In the UK:
CIF grants are provided by the Department for Communities and Local Government ( DCLG ). They can be given as a one year award or an indefinite period. The purpose of the grants is to encourage local charities to make a significant amount of public campaign work about local issues, with a view to improving public awareness. The grant scheme is operated by the Government’s Charity Commission who make the decision as to whether the charity will be successful. All donations made by UK charities and registered charities (but not charities registered in Northern Ireland and overseas) to the DCLG are eligible for CIF grants.
In the USA:
The CIF program is operated in partnership with the National Endowment for the Arts (NEA) and the National Endowment for the Humanities (NEH) and in the most recent two years has been funded by the National Endowment for the Arts for their “Festival of Freedom” (2010-2012)
As part of the funding arrangement, each charity is given an annual allocation of funds, but grants are not based on how much fundraising they undertake. Instead, grant allocation is determined on the quality and quantity of work performed by a charity in the preceding two years. There is no limit on the amount of work that a charity can undertake in a year.
Where a charity is awarded more than one award at the same time or for two or more years, grants are proportionally distributed across these awards.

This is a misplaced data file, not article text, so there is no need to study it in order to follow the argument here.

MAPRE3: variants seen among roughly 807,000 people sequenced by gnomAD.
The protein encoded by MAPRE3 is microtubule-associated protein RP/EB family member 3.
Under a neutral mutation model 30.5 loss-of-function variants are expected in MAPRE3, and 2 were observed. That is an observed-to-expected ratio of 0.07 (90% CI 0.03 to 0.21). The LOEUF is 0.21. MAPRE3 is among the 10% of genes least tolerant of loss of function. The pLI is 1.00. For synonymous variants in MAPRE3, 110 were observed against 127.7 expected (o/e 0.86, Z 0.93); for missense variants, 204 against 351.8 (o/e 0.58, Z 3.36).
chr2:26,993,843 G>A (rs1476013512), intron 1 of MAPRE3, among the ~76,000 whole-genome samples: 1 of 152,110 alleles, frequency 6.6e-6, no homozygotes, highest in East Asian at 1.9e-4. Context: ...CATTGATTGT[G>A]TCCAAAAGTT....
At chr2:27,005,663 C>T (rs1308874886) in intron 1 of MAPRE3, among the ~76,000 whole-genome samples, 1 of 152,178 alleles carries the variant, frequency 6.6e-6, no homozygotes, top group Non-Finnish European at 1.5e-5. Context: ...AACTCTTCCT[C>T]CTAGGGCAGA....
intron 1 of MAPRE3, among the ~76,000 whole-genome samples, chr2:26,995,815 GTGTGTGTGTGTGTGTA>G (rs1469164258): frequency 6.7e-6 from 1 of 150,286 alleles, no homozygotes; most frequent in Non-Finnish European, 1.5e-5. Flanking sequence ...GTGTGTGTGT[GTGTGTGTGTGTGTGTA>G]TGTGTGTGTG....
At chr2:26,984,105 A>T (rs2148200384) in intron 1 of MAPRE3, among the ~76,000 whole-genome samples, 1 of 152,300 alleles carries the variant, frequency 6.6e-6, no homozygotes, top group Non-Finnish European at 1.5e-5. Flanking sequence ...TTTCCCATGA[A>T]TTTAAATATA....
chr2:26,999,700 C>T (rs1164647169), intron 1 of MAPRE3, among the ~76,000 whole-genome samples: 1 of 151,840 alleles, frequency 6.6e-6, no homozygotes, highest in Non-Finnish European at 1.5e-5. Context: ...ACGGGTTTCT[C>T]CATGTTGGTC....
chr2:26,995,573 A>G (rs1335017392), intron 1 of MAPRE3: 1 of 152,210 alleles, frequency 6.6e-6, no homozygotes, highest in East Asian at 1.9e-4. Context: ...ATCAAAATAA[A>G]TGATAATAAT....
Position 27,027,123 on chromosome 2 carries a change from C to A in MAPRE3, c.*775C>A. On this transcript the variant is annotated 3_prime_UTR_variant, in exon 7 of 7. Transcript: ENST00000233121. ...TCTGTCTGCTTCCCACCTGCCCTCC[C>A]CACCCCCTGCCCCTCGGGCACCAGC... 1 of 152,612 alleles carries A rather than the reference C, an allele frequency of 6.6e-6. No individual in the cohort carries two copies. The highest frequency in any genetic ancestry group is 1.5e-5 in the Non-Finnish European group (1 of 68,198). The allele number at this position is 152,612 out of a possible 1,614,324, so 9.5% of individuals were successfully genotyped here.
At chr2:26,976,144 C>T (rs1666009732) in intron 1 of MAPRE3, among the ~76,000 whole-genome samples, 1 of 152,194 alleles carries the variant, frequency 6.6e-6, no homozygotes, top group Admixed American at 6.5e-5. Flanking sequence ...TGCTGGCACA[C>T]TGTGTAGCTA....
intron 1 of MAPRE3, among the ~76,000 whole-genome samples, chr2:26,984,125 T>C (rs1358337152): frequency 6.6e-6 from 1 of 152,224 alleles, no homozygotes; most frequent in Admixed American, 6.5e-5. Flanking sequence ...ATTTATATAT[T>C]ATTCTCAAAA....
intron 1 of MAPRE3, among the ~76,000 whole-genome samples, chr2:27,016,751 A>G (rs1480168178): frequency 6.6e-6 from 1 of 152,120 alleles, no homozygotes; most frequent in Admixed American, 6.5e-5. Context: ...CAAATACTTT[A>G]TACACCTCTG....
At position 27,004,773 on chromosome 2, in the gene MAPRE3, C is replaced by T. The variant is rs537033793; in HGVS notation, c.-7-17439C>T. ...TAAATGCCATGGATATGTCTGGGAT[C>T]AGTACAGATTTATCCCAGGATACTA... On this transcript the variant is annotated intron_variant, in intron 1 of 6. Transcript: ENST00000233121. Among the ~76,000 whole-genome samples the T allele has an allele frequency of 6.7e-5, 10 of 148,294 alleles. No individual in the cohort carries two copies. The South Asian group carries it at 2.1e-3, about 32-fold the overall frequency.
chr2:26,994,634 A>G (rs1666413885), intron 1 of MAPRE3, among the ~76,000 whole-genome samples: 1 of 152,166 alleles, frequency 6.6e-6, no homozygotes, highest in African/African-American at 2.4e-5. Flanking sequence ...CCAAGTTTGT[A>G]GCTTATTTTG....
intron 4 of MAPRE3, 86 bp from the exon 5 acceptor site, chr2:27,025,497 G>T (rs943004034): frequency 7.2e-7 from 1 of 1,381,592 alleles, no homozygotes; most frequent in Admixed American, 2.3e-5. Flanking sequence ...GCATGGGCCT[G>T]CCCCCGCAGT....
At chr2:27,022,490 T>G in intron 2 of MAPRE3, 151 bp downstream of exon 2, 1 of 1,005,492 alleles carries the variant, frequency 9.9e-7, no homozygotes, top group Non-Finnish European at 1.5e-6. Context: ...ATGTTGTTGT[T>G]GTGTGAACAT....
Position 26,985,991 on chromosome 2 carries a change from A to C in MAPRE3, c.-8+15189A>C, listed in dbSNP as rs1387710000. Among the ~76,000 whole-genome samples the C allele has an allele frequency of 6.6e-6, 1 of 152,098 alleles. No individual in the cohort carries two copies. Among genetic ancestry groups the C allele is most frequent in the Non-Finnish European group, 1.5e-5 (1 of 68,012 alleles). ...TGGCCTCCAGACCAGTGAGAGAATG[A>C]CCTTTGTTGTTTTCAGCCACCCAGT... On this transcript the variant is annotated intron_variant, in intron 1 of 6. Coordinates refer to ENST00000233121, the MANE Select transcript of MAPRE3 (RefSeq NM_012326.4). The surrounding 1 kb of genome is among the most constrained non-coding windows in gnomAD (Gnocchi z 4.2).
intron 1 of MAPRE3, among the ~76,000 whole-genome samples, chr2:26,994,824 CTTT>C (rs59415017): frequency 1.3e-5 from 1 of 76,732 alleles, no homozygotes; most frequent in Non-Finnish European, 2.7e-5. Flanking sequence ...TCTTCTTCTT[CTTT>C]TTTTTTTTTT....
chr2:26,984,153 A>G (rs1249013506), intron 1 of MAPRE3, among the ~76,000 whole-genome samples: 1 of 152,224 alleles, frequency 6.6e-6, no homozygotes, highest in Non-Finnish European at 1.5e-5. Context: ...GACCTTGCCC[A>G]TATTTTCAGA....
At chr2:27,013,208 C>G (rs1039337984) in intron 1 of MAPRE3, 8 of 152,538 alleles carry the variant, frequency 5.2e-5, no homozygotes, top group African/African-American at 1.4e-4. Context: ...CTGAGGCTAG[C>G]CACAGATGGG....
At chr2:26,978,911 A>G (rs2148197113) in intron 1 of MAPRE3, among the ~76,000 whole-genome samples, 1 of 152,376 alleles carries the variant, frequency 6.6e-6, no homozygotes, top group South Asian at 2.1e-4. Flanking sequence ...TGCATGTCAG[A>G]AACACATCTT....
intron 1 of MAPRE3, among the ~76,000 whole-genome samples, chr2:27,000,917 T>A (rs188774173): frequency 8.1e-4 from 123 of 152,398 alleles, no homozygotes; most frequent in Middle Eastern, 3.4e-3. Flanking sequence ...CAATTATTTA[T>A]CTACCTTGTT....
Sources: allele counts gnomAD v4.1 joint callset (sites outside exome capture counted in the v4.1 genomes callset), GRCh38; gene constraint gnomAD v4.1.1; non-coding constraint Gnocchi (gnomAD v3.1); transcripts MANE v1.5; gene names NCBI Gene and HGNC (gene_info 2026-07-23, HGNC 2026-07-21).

What is a “CIF award”?
In this article, we will discuss the various ways in which a Grant of a CIF may be given, including:
Grant of a direct grant
Grant of a non-cumulative grant
Grant of a grant on an ongoing basis
Grant of a limited agreement on a fixed term or a continuing agreement, where the charity agrees to pay to the department for the same period of time
A grant of a CIF is awarded annually, so the first award is made in March of the year the charity is first granted a CIF and then every two years thereafter.
1 The term “Grant of a CIF” is used in this article to encompass two different types of grant: a single grant to a charity, and a “cumulative grant” (that we will discuss later in more detail). The term “cumulative grant” has two possible definitions. Firstly, it means awarding an award to a charity whose award was first paid out earlier
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